Bluefin Vs. Yellowfin Tuna: What’s The Difference?

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Both yellowfin and bluefin tunas appear on sushi and sashimi menus across the continents. However, bluefin reigns supreme in this meal rendition due to its deliciously fatty flesh, explains Dinko Seafoods. The flavor is full and rich, and the “meaty” texture lends itself well to raw consumption in sashimi and sushi.

Even so, some tuna aficionados prefer the leaner yellowfin tuna for its mild, comparatively light taste. Though moist and flaky, it remains firm enough for raw sushi, poke, and sashimi, notes the Hawaii Seafood Council, which also recommends searing, blackening, broiling and sautéing yellowfins. For a high-fat, more robust taste, choose a larger yellowfin.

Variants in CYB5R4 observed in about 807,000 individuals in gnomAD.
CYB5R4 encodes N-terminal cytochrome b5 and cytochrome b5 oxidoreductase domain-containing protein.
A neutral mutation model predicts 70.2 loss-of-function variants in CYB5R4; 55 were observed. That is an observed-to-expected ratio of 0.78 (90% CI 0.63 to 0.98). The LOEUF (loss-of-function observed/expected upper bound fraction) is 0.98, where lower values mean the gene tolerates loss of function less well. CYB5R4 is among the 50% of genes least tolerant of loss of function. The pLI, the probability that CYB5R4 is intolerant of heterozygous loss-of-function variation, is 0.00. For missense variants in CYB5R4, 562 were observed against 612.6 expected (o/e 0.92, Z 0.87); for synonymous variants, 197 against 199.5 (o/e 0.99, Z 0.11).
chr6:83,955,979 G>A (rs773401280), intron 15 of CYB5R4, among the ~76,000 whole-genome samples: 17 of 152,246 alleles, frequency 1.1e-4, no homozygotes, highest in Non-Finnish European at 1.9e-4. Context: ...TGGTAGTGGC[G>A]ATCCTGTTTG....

Nutritional values for tuna in general are consistent, with WebMD noting the high amounts of omega-3 fatty acids leading to better heart health, lower LDL (bad) cholesterol levels, and a reduced risk of cancer. A slew of nutrients, including iron, vitamins B6 and B12, selenium, iodine, and potassium can help with everything from bone health to weight loss, improved vision, and anemia prevention. Those are some power-packed reasons to place yellowfin and bluefin tuna dishes on your dinner table, and their delicious fresh taste is a big bonus to top it all off. 



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